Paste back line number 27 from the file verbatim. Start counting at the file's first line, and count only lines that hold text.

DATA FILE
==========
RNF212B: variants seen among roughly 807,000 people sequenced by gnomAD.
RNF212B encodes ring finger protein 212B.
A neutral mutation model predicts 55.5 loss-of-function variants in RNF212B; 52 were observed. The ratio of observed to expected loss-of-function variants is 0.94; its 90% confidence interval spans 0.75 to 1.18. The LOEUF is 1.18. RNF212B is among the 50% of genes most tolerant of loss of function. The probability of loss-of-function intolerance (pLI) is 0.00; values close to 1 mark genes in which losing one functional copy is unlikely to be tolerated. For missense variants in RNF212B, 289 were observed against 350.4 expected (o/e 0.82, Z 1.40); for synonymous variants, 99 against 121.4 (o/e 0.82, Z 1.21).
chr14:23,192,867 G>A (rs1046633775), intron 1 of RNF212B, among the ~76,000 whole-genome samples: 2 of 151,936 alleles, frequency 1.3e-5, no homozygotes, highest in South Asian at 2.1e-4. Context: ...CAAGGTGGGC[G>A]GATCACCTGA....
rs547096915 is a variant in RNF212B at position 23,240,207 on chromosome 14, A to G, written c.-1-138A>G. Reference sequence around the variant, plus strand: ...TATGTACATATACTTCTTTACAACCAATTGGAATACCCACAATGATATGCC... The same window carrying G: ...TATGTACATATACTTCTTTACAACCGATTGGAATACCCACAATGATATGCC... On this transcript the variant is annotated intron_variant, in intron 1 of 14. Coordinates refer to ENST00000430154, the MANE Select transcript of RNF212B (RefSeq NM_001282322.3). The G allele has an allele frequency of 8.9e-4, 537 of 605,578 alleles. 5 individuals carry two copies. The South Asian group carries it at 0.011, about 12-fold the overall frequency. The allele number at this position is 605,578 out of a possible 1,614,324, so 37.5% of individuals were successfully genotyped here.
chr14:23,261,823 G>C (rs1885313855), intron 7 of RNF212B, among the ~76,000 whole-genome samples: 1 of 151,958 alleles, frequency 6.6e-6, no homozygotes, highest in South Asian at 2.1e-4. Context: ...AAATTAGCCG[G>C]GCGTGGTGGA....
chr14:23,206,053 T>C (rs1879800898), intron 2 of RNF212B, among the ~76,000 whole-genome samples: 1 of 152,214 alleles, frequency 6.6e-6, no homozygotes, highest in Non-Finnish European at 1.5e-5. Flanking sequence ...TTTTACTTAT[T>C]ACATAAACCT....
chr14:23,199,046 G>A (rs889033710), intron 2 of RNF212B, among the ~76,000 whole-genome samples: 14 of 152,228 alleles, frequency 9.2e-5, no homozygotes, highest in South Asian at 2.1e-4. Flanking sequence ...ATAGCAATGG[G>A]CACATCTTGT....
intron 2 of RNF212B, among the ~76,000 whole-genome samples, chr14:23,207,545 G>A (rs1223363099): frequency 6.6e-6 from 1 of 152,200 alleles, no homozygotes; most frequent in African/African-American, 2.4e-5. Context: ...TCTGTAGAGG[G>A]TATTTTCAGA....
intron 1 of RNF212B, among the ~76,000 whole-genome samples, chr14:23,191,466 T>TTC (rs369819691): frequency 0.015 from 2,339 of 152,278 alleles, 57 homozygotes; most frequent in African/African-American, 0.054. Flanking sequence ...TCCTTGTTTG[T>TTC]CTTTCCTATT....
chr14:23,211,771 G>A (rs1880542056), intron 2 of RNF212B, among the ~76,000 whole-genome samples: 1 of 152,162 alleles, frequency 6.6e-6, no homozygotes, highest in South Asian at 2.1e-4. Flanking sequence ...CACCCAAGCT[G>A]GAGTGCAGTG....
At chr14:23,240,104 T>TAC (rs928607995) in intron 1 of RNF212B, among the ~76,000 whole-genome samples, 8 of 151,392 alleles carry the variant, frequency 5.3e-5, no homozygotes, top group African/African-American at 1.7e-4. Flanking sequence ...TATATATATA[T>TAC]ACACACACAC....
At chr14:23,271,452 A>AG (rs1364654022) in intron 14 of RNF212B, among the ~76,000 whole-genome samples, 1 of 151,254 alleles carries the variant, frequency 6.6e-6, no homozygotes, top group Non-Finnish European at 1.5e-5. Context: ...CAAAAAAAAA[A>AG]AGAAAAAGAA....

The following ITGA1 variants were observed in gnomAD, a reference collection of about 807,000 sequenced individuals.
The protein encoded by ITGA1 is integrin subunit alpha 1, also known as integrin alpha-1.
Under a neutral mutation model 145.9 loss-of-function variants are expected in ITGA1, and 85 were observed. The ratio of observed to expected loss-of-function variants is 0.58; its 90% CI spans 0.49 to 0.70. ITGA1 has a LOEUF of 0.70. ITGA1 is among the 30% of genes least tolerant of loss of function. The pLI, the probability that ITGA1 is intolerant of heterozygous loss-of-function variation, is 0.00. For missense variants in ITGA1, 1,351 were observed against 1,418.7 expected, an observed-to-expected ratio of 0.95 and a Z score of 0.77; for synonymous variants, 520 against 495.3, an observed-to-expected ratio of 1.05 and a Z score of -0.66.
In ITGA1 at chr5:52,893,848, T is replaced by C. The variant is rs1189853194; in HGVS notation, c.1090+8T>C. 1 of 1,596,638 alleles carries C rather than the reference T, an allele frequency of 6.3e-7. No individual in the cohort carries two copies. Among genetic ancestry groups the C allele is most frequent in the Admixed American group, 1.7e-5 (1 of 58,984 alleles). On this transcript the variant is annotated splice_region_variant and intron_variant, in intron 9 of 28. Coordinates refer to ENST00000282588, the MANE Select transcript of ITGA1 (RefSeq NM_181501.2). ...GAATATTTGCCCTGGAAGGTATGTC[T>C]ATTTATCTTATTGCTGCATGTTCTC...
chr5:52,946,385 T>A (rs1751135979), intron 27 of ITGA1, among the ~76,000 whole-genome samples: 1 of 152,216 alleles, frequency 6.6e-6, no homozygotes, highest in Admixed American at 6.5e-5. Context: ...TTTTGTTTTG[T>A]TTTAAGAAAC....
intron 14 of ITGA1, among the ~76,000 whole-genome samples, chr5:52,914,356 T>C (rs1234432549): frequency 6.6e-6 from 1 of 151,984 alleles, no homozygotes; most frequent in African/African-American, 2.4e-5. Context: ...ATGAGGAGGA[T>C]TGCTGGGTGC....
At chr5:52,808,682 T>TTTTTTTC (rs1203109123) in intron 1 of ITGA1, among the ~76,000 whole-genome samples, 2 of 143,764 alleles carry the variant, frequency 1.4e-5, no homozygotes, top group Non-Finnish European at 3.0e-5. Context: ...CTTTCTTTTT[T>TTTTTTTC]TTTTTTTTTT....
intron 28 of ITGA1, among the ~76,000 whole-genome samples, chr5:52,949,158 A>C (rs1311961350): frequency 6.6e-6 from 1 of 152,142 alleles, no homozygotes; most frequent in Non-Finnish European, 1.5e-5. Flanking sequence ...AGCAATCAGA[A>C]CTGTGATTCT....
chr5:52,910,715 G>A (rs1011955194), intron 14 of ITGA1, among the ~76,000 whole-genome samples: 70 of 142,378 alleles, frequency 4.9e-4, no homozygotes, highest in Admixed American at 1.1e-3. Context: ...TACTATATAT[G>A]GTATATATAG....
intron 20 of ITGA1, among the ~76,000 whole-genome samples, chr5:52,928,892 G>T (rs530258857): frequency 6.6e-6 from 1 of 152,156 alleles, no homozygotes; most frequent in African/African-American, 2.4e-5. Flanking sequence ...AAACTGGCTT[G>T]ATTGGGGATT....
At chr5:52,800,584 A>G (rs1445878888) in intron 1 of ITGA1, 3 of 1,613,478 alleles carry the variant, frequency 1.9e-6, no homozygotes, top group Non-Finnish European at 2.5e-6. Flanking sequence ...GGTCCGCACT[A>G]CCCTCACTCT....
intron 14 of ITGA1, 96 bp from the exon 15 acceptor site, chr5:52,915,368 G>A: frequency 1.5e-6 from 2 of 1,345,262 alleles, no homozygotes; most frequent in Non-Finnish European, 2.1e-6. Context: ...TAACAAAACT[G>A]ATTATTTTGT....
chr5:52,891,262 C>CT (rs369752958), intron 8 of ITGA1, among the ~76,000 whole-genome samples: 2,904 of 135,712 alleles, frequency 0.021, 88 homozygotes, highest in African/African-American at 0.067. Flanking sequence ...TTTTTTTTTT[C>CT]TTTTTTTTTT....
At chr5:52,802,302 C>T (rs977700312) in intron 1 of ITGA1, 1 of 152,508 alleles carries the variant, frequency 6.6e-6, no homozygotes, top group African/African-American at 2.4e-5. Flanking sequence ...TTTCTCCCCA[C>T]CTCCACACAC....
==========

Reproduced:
At chr5:52,802,302 C>T (rs977700312) in intron 1 of ITGA1, 1 of 152,508 alleles carries the variant, frequency 6.6e-6, no homozygotes, top group African/African-American at 2.4e-5. Flanking sequence ...TTTCTCCCCA[C>T]CTCCACACAC....